core — format of core image file
system writes out a file containing a core image
of a terminated process when certain signals are received
for the list of reasons).
The most common causes are memory violations,
illegal instructions, floating point exceptions, bus errors,
and user-generated quit signals.
The core image file is called
and is written in the process's working directory
(provided it is allowed by normal access controls).
A process with an effective user ID
different from its real user ID
does not produce a core image.
The file contains sufficient information to determine
what the process was doing at the time of its termination.
Core file contents consist of objects that represent
different segments of a process.
Each object is preceded by a
data structure, and each
data structure describes the corresponding object following it.
The structure is defined in
and includes the following members:
members specify the virtual memory address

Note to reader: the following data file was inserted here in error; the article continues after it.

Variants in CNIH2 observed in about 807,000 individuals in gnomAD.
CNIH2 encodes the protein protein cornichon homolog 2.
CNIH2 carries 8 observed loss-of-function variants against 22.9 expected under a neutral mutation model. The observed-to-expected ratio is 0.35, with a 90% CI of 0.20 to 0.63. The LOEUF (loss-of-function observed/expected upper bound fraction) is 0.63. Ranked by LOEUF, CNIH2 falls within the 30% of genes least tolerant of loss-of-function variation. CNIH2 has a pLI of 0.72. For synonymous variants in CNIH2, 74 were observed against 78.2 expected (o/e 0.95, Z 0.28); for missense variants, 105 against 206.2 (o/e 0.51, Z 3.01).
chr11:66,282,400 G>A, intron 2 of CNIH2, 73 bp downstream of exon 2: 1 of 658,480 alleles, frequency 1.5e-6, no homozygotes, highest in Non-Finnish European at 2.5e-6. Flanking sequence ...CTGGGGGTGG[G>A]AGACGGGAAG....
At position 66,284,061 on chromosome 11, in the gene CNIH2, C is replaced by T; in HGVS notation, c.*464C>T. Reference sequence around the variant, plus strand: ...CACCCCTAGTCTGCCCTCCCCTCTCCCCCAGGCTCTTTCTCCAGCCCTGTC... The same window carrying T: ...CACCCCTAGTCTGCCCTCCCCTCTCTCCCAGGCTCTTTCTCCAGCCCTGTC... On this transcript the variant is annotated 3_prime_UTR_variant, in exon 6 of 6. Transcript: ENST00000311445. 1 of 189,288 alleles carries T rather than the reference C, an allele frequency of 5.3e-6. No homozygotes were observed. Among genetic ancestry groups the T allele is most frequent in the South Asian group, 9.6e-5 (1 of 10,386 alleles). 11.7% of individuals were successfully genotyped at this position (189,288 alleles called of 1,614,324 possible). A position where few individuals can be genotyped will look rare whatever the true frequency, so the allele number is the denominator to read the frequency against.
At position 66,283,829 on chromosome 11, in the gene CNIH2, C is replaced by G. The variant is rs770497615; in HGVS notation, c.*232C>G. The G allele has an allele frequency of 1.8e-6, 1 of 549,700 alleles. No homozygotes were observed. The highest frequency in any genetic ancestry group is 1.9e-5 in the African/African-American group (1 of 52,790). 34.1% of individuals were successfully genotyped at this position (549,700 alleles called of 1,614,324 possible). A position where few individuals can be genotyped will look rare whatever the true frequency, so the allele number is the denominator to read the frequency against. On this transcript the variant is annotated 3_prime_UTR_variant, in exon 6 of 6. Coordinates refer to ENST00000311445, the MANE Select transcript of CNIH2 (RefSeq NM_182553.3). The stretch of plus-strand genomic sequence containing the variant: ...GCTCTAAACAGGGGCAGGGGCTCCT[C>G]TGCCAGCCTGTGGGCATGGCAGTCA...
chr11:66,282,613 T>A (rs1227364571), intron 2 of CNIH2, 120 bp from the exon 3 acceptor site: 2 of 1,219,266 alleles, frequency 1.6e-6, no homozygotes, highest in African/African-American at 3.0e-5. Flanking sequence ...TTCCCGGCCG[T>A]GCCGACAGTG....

in the process where the described object began.
member is the length of the object in bytes.
The following possible values for
are defined in
Process data as it existed at the time the core image was created.
This includes initialized data, uninitialized data,
and the heap at the time the core image is generated.
A compiler-dependent data structure containing the exec data structure,
the magic number of the executable file, and the command
(see the declaration of the
The version number of the core format produced.
This number changes with each HP-UX
release where the core format itself has changed.
However, it does not necessarily change with every HP-UX release.
can thus be easily used by core-reading tools
to determine whether they are compatible with a given core image.
This type is expressed by a four-byte binary integer.
The null-terminated version string associated with the kernel
at the time the core image was generated.
An architecture-dependent data structure
containing per-process information
such as hardware register contents.
See the declaration of the
Process stack contents at the time the core image was created.
Objects dumped in a
image file are not arranged in any particular order.
information to determine the type
of the object that immediately follows it.